If our personalities are always changing throughout life, then how can we ever make decisions for our future? How can we possibly choose a career that’s right for us many years from now? How can we promise to love someone always? How long should we wait around for someone to change, when they promise us they will?

When I was divorced many years ago I felt like a failure. I was married 10 years, but I’d promised to stay married for the rest of my life.


A boyfriend of mine, I’ll call him Jerry, said that the end of a relationship is never a failure. “Who told you that a marriage, or any relationship for that matter, has to last forever? Maybe your marriage was a success for 10 years. And if you and I only last for 2 years, why can’t we think of that as a success as well?

When I told my mother I could no longer stay married, she said, “I knew this marriage wouldn’t last. I just wondered how long it would take for you to leave.”

I was shocked. “How did you know it wouldn’t last?”

She gave a sad little smile. “We all saw that you two were completely unsuited to each other. It was just a matter of time.”

“Then why didn’t you warn me before I got married?”

“You wouldn’t have believe me,” she said. “You were in love. If I told you he wasn’t right for you, you’d get married anyway and then never want to talk to me.”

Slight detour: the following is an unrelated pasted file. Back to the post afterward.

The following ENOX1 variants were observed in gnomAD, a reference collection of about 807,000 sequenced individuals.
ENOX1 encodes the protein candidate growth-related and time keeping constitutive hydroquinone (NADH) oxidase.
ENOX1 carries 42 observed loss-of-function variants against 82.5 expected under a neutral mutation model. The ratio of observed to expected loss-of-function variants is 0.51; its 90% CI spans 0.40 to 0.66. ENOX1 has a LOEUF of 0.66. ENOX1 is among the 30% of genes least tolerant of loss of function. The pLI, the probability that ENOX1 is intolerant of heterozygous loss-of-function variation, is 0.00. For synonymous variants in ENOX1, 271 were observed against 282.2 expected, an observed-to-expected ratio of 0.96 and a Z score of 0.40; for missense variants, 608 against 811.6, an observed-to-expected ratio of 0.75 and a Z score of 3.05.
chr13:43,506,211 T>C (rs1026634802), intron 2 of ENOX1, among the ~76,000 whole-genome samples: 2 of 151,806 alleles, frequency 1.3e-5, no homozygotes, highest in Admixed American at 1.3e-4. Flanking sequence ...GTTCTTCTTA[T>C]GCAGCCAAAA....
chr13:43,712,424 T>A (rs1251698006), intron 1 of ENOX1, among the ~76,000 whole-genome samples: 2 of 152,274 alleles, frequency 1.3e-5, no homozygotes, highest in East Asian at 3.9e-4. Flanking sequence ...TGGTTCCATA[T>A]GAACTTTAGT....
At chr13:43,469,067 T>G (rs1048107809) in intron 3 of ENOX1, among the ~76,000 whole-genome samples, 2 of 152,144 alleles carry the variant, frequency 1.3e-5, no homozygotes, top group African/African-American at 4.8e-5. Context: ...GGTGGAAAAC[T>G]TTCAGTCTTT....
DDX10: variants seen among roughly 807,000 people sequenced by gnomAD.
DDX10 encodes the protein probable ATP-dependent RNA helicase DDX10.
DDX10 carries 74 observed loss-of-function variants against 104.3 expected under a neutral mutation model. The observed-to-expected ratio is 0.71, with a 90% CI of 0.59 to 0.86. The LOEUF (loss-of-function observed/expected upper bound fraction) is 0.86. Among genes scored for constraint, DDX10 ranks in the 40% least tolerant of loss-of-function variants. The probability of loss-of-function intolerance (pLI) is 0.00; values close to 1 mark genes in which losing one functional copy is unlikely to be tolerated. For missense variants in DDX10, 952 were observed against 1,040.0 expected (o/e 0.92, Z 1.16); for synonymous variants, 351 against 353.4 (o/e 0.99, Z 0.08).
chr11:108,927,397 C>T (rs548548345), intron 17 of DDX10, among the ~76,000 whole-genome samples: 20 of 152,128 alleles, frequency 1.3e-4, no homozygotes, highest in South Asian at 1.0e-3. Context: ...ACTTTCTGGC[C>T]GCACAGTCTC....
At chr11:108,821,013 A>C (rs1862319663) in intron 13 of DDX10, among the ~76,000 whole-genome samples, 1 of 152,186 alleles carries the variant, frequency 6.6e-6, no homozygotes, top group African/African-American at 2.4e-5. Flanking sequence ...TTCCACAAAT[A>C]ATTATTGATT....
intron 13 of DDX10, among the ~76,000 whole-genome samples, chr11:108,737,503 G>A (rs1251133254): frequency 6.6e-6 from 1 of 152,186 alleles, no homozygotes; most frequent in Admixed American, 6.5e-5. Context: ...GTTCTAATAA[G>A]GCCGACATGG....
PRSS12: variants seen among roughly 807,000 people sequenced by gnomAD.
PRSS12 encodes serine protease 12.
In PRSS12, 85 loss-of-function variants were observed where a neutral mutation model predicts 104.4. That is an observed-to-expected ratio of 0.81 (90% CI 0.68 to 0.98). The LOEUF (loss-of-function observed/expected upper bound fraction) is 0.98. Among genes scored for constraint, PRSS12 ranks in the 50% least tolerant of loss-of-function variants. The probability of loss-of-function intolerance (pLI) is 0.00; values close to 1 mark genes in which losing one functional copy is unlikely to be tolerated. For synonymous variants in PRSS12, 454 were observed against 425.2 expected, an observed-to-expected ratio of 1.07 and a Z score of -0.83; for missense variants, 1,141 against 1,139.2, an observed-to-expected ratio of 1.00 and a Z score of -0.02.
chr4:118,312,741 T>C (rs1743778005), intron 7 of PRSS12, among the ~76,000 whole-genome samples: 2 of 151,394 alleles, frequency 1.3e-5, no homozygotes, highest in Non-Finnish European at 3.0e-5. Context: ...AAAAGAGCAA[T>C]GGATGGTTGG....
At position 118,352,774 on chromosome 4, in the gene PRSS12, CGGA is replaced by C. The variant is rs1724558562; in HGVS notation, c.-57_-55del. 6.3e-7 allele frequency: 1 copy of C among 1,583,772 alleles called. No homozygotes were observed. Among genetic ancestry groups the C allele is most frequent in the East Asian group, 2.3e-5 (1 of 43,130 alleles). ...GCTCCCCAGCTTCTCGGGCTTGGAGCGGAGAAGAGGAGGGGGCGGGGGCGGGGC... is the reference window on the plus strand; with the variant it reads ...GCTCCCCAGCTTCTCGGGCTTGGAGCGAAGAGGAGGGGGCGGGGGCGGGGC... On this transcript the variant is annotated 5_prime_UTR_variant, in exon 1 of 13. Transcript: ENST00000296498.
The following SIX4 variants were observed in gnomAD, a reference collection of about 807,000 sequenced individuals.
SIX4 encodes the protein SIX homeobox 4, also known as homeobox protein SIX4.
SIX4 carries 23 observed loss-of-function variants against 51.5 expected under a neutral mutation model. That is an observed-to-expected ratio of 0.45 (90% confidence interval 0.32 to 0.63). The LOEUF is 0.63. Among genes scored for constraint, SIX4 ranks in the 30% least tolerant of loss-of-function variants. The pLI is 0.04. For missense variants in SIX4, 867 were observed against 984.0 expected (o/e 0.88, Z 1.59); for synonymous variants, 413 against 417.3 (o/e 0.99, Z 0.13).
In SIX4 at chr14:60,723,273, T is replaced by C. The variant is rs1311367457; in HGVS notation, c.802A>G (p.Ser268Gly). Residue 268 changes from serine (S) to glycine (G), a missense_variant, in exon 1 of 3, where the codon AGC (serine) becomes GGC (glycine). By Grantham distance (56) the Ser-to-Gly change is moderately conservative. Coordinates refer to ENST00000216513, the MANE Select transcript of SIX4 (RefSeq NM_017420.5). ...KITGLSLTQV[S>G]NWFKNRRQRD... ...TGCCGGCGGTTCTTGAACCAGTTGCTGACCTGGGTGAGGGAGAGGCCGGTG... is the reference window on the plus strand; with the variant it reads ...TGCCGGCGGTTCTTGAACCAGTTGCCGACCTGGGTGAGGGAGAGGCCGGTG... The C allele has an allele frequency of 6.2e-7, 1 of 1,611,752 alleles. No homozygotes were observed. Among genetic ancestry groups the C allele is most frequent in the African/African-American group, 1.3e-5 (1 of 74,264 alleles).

She was right.


What can two people promise each other? They can vow to be truthful and faithful. Although these promises are broken all the time it’s still possible to honor them because they’re promises about behavior, not about emotions. I believe in free will and our power to control our own actions. Without a belief in free will, everything would be meaningless. Thinking that everything is determined by genetics, or environment, or chance, is a waste of time and life. Our only logical choice is to believe in free will.


But we can’t promise, or control, how we’ll feel in the future. Emotions have a life of their own. We can’t even predict in the morning how we’ll feel in the afternoon.

Love and attachment, no matter how you look at it, remain a mystery. We can act in nurturing ways and then hope for the best.

After reading my post about manufacturing romantic chemistry, someone asked me, “Do you think that attraction can ever grow between two people, even if it doesn’t start out that way? If you keep spending time together as friends, is it possible that your feelings might evolve into something more?”


Maybe. If we can fall out of love when we least expect it, why can’t we fall in love when it seems furthest from our thoughts?

I know people who have started out as friends and become true lovers.

I’ve met couples who’ve been married for decades. They say they’ve fallen in and out of love with each other many times over those years. They’re still together, still happy, and feel infinitely lucky.

The problem may be that when we don’t have a mutual attraction in the beginning, we don’t give things a chance to develop. We don’t spend the time to wait and see. What if we did?


I don’t know the answer. It has never happened for me that way.

What about you? Have you ever begun a friendship with someone you weren’t attracted to and later fell in love with?

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